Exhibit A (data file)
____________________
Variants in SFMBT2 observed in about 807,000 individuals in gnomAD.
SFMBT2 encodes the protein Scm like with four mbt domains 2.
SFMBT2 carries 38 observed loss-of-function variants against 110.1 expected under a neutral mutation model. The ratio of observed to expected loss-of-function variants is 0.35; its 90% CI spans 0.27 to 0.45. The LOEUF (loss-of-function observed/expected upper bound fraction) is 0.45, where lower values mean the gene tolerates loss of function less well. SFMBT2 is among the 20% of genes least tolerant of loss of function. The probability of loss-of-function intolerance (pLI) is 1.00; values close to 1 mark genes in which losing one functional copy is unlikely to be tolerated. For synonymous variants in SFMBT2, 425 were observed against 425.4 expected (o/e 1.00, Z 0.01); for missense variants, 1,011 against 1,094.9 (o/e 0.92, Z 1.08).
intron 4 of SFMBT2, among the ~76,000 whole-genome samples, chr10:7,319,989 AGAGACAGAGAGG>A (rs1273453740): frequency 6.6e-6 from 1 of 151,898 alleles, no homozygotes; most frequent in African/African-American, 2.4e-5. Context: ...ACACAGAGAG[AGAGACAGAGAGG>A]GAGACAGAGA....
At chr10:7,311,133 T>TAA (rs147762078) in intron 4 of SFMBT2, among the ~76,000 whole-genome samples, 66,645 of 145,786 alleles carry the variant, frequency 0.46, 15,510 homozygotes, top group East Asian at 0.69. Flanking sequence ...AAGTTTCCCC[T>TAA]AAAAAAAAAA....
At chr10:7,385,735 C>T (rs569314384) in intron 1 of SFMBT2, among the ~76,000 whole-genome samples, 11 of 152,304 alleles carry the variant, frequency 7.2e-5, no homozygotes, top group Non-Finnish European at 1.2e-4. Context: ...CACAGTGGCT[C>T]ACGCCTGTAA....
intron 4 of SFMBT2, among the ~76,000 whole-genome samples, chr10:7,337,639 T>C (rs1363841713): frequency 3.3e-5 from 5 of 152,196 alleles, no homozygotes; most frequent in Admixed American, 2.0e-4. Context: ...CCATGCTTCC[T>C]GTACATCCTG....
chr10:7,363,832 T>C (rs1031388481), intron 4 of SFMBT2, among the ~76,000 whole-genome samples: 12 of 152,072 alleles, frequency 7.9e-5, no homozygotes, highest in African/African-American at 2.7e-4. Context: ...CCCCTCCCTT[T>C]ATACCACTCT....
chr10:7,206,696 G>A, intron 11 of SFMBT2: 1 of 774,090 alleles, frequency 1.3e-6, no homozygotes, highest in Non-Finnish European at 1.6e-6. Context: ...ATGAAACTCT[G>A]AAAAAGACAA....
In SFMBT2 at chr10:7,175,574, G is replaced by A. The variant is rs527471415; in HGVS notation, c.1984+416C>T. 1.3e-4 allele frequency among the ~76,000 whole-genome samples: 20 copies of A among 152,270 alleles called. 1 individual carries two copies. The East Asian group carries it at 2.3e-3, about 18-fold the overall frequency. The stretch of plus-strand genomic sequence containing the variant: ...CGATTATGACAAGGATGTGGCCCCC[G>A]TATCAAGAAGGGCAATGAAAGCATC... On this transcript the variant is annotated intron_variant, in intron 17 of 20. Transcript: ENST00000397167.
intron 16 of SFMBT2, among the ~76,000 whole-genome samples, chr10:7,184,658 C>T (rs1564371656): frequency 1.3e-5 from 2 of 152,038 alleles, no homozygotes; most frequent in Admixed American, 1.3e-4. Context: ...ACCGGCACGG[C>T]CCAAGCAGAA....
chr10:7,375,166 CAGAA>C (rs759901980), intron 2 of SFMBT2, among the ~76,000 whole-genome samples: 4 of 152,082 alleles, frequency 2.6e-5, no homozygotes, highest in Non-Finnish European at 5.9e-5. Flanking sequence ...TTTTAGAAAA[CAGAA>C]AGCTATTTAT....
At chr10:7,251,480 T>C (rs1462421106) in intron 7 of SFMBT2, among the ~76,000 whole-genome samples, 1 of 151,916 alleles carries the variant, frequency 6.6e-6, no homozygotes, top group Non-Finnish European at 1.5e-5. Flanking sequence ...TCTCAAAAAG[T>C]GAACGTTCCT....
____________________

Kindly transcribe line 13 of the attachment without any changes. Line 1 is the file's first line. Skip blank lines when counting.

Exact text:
At chr10:7,251,480 T>C (rs1462421106) in intron 7 of SFMBT2, among the ~76,000 whole-genome samples, 1 of 151,916 alleles carries the variant, frequency 6.6e-6, no homozygotes, top group Non-Finnish European at 1.5e-5. Flanking sequence ...TCTCAAAAAG[T>C]GAACGTTCCT....